I’ve spent a lot of time on social media since the 2016 election results came in, and one thing that’s become crystal clear is that there’s more to this divide in our country than people holding different political positions. As it turns out, people see the world in completely different ways. I can’t tell you how many times over the last couple of days that I felt like I had crawled down the rabbit hole after reading someone else’s interpretation of an event or issue and wondering if we were even inhabiting the same sphere of existence.
So it seemed like this would be a good time to tackle another touchy topic: Publishing content about controversial topics. Should you or shouldn’t you?
Being controversial can be a great tactic. While taking a stand on controversial issues could definitely alienate some of your customer base, it could also draw the rest of them closer to you. It can garner you a lot of attention, which translates into traffic (and, hopefully, conversions). But whether or not it’s a good idea depends entirely on your business, your audience, and what you’re trying to accomplish.
If you do decide to take a stand, be deliberate about it. Know what you’re doing and why.
Here are a few things to keep in mind:
Don’t assume (or pretend) it’s not controversial
Many of us interact primarily with people who think the same way we do. The algorithms behind our social media feeds reinforce that. So it becomes really easy to assume that everyone we like — or even interact with regularly — thinks the same way. But unless your business is cause- or issue-specific, there’s a high probability that a good part of your audience holds views that you think are nuts.
But it’s not the fact that you think they’re nuts that makes those folks mad; it’s your assumption that they see the world the same way you do. If you think about it, it really is kind of arrogant. Or, to use one of today’s buzzwords, invalidating.
So the golden rule of controversial content is to state right up front that you’re being controversial. Acknowledge that some audience members may be offended. Don’t just throw something out there like you take it for granted that everyone agrees.
Don’t be a wimp
If you’re going to take a stand, take a dang stand. If you’re really that worried about offending people, keep quiet. Don’t try to straddle the line.
Show some respect
One of the things that really made an impression on me in the election aftermath is how many people conclude that anyone who disagrees with them must be stupid, uneducated, etc. Far too many people just can’t comprehend that intelligent, educated, well-meaning people can disagree on big issues.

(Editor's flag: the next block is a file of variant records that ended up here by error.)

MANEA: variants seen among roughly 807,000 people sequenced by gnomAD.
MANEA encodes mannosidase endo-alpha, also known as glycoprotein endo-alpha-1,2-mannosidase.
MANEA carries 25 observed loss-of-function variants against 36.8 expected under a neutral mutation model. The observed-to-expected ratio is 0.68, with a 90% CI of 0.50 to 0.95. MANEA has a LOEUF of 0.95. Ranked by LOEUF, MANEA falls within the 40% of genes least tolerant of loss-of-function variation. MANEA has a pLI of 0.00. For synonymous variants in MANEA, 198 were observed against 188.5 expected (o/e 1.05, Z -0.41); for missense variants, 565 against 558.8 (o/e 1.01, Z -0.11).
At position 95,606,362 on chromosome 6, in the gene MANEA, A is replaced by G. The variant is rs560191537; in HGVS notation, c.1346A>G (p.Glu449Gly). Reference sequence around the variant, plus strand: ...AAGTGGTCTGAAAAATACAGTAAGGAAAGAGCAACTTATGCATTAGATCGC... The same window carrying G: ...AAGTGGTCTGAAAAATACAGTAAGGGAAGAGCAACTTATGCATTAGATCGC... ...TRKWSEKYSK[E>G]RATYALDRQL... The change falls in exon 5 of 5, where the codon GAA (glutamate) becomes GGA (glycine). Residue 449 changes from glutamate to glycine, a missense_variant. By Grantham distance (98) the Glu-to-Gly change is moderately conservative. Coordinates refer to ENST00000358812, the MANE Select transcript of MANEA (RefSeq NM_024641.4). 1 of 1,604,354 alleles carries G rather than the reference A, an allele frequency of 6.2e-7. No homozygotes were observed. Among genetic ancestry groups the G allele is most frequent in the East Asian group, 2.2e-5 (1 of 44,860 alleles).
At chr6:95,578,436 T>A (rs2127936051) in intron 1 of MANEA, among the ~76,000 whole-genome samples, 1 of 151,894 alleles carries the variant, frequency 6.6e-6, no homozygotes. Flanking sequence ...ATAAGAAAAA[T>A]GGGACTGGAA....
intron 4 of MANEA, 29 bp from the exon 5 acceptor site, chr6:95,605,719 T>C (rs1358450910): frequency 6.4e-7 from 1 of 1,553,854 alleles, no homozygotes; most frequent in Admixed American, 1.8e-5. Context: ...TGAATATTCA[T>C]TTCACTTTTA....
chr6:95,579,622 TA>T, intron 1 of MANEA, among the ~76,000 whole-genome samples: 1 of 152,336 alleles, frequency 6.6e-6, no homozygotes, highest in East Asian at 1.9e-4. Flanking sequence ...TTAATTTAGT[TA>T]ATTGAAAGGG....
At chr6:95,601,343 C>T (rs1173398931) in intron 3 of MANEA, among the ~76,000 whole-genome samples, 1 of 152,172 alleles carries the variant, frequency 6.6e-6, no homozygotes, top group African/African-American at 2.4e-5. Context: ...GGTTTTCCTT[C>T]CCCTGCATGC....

So give people who disagree with you the benefit of the doubt rather than assuming the worst. Don’t assume they don’t think; assume they think differently. And don’t assume they don’t want to do the right thing; assume that they may disagree on what the right thing is.
Stay away from logical fallacies
Logical fallacies are flaws in your argument that undermine your position, because they imply that either you don’t know what you’re talking about or you think your readers aren’t smart enough to catch on. Neither goes over very well. Here are a few examples:
- Ad hominem: Attacking the person making the argument instead of the argument itself.
- Appeal to tradition: Arguing that, because something has always been done a certain way, it must be the right way. Similarly, arguing that, because a lot of people believe something is true, then it must be true.
- Adverse consequences: Arguing that a position or fact is false because you don’t like the implications or results of its being true. (I can’t be overweight, because then I’d have to go on a diet. And I don’t want to go on a diet, so I’m not overweight.)
- Appeal to an improper authority: Arguing that a fact or position must be true or correct because a prominent person says it is — even if the person has no relevant expertise in that particular topic. (Celebrities giving political advice comes to mind.) For example, as much as I admired Steve Jobs when it came to technology, I wouldn’t have let him talk me out of using the Oxford comma.
- Misleading statistics: We all know the old joke, right? Lies, damn lies, and statistics. But even accurate statistics can be presented in a way to nudge people toward a desired conclusion. Just think of the difference between, “A full 40% of Americans think they need to lose weight,” and “Only 40% of Americans think they need to lose weight.” The first suggests that there’s an epidemic of obesity; the other suggests that there’s an epidemic of denial.
- Correlation without causation: This is the argument that, because two things occur together or are otherwise related, one caused the other. For example, there’s a 95% correlation between per capita cheese consumption and the number of people who die by getting tangled in their bed sheets. But arguing that cheese is responsible for bed sheet deaths would be a logical fallacy that leaves your audience wondering whether you’re dumb or just deceptive.
Making arguments that don’t hold up under 5 seconds of critical thinking isn’t the best idea.
Posting about controversial topics is risky. In all honesty, I hesitated in posting this, simply because it was inspired by a very controversial election.
Taking a stand can also, however, illustrate authenticity, engage your audience, and stimulate interest. The risks are obvious as well: alienating customers, advertisers, etc.
If you do decide to post content on controversial issues, don’t do it impulsively. If you’re all riled up about something, don’t post about it until you’ve calmed down (and preferably slept on it overnight). Make sure it fits in with your overall content strategy. Know your audience. And, most of all, do it correctly by remembering these tips. If you’re going to take a risk, make it count.